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TST Impreso, Inc. v. Asia Pulp & Paper Trading (USA), Inc.

Court of Appeals of Texas, Fifth District, Dallas

January 30, 2014

TST IMPRESO, INC., Appellant
v.
ASIA PULP & PAPER TRADING (USA), INC. N/K/A OVERVEENGENERAAL TRADING (USA), INC., Appellee

On Appeal from the 116th Judicial District Court Dallas County, Texas Trial Court Cause No. DC-11-00890

Before Justices Moseley, FitzGerald, and Fillmore

MEMORANDUM OPINION

JIM MOSELEY JUSTICE

TST Impreso, Inc. sued Asia Pulp & Paper Trading (USA), Inc., n/k/a Overveen Generaal Trading (USA), Inc.[1] for a declaratory judgment regarding the interpretation of a settlement agreement between the parties. Overveen counterclaimed against TST for breach of the settlement agreement and sought liquidated damages under its terms. The trial court ruled in favor of Overveen, granting its no-evidence and traditional motion for summary judgment as to TST's declaratory judgment claim and its traditional motion for summary judgment on its counterclaim. TST appeals; in three issues it argues the trial court erred in rendering judgment because the settlement agreement is ambiguous and genuine issues of material fact exist regarding TST's declaratory judgment claim and Overveen's counterclaim.

The background of the case and the evidence adduced at trial are well known to the parties; thus, we do not recite them here in detail. Because all dispositive issues are settled in law, we issue this memorandum opinion. Tex.R.App.P. 47.2(a), 47.4. We affirm the trial court's judgment.

Background

TST and Overveen were parties to a lawsuit pending in state court in Dallas county, described and defined in the settlement agreement as "The Litigation." In settlement of The Litigation, TST agreed to make a series of payments to Overveen and to the law firm of Arnold & Porter, LLP.[2] If any payments were not timely paid, the unpaid entity was required to give TST written notice of breach and TST had fifteen days after receipt of the notice to cure the breach by making the required payment in full. Under the settlement agreement, the payments were due sixty days, 120 days, and one year after the agreement's complete execution, which was accomplished on July 2, 2009.

TST did not make the first scheduled payment to Overveen (although it did make payments to Arnold & Porter). Overveen sent written notice of default to TST on January 13, 2011 and demanded TST cure the default within fifteen days. On January 27, 2011, TST responded by filing this lawsuit.

At issue is the italicized portion of the following provision in the settlement agreement:
Except for payments not timely made under this Agreement resulting from the assertion by a party other than Arnold & Porter LLP of a security interest in the proceeds of the Litigation, if TST does not cure the breach in payment within fifteen (15) days after receipt of written notice, TST shall be in default of this Agreement ("Default"), and [Overveen] shall be entitled to liquidated damages in the amount of Five Hundred Thousand Dollars ($500, 000.00).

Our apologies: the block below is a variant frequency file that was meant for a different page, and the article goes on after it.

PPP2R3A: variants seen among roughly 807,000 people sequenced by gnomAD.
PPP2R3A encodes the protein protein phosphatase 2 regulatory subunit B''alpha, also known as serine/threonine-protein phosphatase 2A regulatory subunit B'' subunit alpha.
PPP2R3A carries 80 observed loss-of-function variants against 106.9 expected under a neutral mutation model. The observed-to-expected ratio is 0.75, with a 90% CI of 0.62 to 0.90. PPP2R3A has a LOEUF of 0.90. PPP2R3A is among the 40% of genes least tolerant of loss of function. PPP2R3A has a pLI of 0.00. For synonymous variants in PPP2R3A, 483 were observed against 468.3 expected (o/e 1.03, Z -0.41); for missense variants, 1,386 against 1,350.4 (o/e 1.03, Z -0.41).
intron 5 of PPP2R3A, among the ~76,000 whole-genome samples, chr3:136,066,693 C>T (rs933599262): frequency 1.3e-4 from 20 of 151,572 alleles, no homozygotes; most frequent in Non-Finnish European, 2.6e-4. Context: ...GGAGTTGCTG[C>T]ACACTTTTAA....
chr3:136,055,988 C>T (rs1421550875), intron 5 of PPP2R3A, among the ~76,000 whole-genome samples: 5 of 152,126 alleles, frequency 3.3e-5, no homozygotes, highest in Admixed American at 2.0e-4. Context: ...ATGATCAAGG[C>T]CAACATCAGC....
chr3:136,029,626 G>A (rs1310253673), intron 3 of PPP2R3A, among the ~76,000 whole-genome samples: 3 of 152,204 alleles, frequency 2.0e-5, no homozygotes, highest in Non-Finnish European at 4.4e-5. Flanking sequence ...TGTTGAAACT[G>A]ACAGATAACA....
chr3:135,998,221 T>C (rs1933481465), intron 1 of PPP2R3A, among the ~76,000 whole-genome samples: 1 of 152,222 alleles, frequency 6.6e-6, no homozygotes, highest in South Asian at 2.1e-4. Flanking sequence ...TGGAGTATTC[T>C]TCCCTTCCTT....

TST contended it was served with notices of judgments obtained by third parties against Asia Pulp & Paper Co., Ltd. (APP), an entity related to but separate from Overveen, and that these judgments triggered the italicized provision quoted above. TST characterized its declaratory judgment claim as requesting a declaration "that TST's action in suspending payments based on asserted security interests (specifically money judgments against [Overveen's] affiliates and assigns, and APP/APP entities), was authorized by the Settlement Agreement, and that [Overveen] is thus precluded from recovering liquidated damages."[3]

Overveen counterclaimed for breach of the settlement agreement and asked for liquidated damages. Overveen later moved for summary judgment on its counterclaim and on TST's declaratory judgment claim. Overveen argued that TST's requested declarations were not supported by the language of the settlement agreement; the judgments TST was relying upon were against an entity other than Overveen; and the judgments were not security interests in the proceeds of The Litigation. It presented summary judgment evidence that TST did not timely make the payments due under the settlement agreement, it sent written notice of default to TST, and TST did not cure the default within fifteen days by making the required payment in full. None of this evidence was disputed.

In response, TST asserted it was excused from making the scheduled payments to Overveen because it received notice of three different judgments rendered against APP: a New York federal court judgment in favor of Export-Import Bank of the United States;[4] a New York state court judgment in favor of U.S. Bank;[5] and an Illinois federal court judgment in favor of JP Morgan Chase Bank.[6] TST argued the settlement agreement did not define the term "security interest" and that the judgments against APP were "security interests" within the meaning of the settlement agreement. It also contended there was a fact issue about whether APP was a party to the settlement agreement, whether Overveen and APP were really the same entity, and whether the judgments against APP triggered the exception to its payment obligation under the settlement agreement. As a result, TST asserted there was at least an issue of fact as to whether its failure to make the scheduled payments to Overveen was excused.

The trial court granted Overveen's motion for summary judgment, without specifying the grounds for its ruling. The final judgment dismissed TST's declaratory judgment claim and awarded Overveen damages and liquidated damages under the ...


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